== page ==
Georgia residents who called the Internal Revenue Service with questions during the 2015 tax season will likely remember spending long periods on hold or being abruptly disconnected. Only 37 percent of the calls made to the IRS between Jan. 1 and April 18 of that year were put through to a customer service representative, and switchboards disconnected 8.8 million calls to prevent callers being left on hold for extremely long periods.
The IRS has fought an uphill battle securing funds from Congress in recent years, but howls of protest over poor customer service prompted lawmakers to approve a $290 million budget increase to improve taxpayer assistance. The money is being used to hire and train approximately 1,000 additional customer service representatives, and an agency representative said that the goal is to put at least 60 percent of the calls received through to a live operator. The IRS also hopes to reduce the amount of time that callers spend on hold to less than 20 minutes.
The budget increase will also pay for measures designed to improve online security and prevent identity theft, but it will not be used to replace the hundreds of compliance officers scheduled to retire in 2016. The chances of a taxpayer facing an audit were less than 1 percent in 2015, but experts believe that they will be even lower in 2016.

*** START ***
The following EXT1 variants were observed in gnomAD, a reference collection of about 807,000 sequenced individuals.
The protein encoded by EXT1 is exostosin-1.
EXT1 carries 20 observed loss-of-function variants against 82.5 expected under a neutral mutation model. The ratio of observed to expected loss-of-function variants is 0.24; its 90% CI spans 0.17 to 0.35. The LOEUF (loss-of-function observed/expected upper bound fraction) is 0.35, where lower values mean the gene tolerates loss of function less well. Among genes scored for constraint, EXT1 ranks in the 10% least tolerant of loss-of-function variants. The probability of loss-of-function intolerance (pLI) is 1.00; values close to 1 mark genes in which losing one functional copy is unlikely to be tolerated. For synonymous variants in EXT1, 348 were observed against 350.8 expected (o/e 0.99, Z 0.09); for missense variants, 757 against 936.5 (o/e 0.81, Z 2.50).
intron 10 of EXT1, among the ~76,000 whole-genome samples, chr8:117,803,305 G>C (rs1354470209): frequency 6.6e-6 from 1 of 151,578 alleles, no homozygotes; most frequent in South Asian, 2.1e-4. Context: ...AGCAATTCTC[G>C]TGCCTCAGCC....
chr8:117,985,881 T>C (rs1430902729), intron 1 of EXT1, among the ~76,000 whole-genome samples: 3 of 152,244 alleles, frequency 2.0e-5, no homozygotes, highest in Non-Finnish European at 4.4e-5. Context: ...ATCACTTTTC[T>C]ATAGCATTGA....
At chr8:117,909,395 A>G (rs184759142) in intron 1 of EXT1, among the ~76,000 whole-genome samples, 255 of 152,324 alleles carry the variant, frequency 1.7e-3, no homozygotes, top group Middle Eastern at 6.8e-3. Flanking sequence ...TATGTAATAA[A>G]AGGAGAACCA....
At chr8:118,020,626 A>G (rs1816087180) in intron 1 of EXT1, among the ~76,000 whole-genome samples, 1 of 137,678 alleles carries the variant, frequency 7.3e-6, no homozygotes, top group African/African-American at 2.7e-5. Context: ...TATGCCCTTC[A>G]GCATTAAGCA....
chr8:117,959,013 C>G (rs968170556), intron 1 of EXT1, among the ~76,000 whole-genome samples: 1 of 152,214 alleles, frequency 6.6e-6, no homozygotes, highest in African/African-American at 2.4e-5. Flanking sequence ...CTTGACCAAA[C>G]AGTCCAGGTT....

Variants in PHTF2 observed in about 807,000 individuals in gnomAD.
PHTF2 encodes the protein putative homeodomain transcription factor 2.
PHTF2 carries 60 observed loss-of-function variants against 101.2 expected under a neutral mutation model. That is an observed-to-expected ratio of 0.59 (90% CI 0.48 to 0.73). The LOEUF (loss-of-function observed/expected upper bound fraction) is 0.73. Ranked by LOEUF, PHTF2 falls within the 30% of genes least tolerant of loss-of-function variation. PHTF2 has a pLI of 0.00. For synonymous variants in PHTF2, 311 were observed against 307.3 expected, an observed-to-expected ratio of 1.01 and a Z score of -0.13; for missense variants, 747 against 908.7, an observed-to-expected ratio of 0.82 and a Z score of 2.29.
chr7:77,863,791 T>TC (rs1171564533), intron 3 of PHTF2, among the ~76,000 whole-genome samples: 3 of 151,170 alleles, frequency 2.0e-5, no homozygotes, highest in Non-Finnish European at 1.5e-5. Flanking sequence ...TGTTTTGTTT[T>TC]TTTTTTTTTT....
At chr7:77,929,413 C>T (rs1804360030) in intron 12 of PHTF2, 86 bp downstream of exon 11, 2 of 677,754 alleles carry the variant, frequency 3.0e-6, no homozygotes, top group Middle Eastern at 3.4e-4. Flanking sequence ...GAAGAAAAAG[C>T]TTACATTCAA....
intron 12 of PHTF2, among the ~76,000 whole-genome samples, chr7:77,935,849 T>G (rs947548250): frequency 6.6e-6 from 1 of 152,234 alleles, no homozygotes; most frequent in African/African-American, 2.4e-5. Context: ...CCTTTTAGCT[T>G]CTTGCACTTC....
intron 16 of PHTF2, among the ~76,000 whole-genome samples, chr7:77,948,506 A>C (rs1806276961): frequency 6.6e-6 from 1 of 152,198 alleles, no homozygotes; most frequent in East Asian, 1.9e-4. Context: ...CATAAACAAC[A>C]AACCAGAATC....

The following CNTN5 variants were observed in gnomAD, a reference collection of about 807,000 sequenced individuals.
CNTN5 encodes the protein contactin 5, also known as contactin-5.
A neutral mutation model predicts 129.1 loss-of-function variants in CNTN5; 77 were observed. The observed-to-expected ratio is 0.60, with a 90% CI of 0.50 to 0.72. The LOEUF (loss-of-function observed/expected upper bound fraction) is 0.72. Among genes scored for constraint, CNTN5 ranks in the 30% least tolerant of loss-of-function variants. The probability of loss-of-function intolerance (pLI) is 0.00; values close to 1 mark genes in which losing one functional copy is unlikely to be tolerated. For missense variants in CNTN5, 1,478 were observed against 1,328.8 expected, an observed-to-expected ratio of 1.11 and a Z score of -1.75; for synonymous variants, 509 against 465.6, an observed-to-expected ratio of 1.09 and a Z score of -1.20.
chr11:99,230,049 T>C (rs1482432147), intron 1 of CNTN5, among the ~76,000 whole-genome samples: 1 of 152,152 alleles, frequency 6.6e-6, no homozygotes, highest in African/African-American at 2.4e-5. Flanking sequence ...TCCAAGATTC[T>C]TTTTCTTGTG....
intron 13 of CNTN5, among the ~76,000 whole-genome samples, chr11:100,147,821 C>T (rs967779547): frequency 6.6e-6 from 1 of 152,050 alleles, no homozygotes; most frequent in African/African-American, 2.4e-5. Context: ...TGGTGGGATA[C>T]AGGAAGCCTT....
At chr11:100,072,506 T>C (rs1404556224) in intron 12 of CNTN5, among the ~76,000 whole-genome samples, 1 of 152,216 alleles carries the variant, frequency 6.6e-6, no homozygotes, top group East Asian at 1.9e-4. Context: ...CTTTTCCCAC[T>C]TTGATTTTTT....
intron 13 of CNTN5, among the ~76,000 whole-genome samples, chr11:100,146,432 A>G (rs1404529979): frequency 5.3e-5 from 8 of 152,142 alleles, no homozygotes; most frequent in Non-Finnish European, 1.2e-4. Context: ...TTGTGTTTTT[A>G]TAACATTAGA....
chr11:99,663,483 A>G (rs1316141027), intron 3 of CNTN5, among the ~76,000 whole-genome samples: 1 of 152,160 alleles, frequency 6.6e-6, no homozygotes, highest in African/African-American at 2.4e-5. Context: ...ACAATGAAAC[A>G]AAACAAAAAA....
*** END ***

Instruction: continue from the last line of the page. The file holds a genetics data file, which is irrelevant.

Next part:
Long hold times and poor customer service can be particularly frustrating when the IRS is involved because the taxpayers making these calls are often extremely anxious. Those with tax problems may worry that the IRS will seize up to three quarters of their income or place liens against their assets, and written communication from the IRS rarely calms these fears. Attorneys with experience in this area may sometimes seek to prevent the IRS from placing levies against wages or liens against property even if the deadline to appeal has passed.